When Virginia Tech opened in 1872 as Virginia Agricultural and Mechanical College, the administrative power rested with the VAMC Board of Visitors. That power, which the board was not averse to wielding, was felt by several early presidents, whom the board removed from office. One, John Lee Buchanan, had the misfortune of that experience not once but twice (see The Buchanan-Shipp-Hart-Buchanan Years). The president ran the college, but the board determined its structure.
That picture has changed dramatically. Today, the university’s governance structure consists of the board of visitors, president, two councils, eight commissions, and a number of standing committees, with the board of visitors at the top of the structure. The committees report to their respective commission. The commissions—Faculty Affairs, Staff Policies and Affairs, Equal Opportunity and Diversity, Research, Graduate Studies and Policies, Administrative and Professional Faculty Affairs, Student Affairs, Outreach and International Affairs, Undergraduate Studies and Policies, and University Support—make recommendations to University Council, which refers those recommendations it has approved to the president. The president also receives input from the Advisory Council on Strategic Budgeting and Planning. The president then submits recommendations that he/she has approved to the board of visitors, which consists of 13 members appointed by the governor of the commonwealth, an ex officio member from Agriculture and Consumer Services, and four nonvoting members from the university community. The board makes the final decisions on recommendations it receives.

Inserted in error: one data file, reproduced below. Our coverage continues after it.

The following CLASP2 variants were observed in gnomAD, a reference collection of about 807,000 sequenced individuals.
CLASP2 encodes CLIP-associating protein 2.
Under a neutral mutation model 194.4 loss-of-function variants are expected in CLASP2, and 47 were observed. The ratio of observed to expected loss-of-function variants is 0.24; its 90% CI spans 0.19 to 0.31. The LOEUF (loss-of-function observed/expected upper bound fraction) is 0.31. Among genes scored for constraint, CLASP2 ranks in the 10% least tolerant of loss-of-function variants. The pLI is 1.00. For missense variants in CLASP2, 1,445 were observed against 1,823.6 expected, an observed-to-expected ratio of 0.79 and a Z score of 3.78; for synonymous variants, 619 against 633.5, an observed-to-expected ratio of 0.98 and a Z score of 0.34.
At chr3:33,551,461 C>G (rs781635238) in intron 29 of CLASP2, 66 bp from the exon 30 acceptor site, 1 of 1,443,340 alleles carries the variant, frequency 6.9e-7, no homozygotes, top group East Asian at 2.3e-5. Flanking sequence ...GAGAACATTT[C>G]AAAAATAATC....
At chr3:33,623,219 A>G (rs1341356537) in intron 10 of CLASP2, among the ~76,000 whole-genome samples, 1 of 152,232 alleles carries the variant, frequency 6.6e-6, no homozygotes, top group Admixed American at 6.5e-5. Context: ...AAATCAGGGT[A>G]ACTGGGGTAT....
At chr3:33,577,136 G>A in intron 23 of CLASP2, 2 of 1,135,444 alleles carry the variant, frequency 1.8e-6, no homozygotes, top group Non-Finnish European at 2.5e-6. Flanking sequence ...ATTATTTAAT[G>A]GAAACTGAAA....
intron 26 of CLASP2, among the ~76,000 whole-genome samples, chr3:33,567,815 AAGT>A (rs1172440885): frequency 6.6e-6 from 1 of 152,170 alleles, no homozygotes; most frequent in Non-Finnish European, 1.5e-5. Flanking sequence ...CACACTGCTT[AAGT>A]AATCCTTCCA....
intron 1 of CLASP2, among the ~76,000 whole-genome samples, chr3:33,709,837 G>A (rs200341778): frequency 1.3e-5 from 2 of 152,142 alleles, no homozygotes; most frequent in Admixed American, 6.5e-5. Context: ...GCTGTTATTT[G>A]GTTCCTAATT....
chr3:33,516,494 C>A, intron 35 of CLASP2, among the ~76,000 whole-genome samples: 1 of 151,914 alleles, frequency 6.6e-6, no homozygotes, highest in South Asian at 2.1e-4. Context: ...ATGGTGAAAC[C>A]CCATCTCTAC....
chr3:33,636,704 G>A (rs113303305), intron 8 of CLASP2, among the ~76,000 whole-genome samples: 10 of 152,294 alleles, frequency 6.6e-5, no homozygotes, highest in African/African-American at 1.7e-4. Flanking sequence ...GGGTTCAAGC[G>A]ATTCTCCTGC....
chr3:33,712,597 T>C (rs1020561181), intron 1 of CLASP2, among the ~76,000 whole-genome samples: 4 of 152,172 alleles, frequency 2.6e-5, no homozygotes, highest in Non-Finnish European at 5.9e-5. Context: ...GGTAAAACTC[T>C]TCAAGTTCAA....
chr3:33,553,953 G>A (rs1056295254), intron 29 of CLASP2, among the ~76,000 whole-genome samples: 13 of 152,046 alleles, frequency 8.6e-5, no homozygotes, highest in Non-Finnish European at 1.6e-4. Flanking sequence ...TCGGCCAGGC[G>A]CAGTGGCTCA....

These are historical president's reports from previous administrations.
Early President's Reports were published in bulletins, with multiple reports in each bulletin. Note that the original spelling of many words (enrolment, remodelling, etc.) has been retained.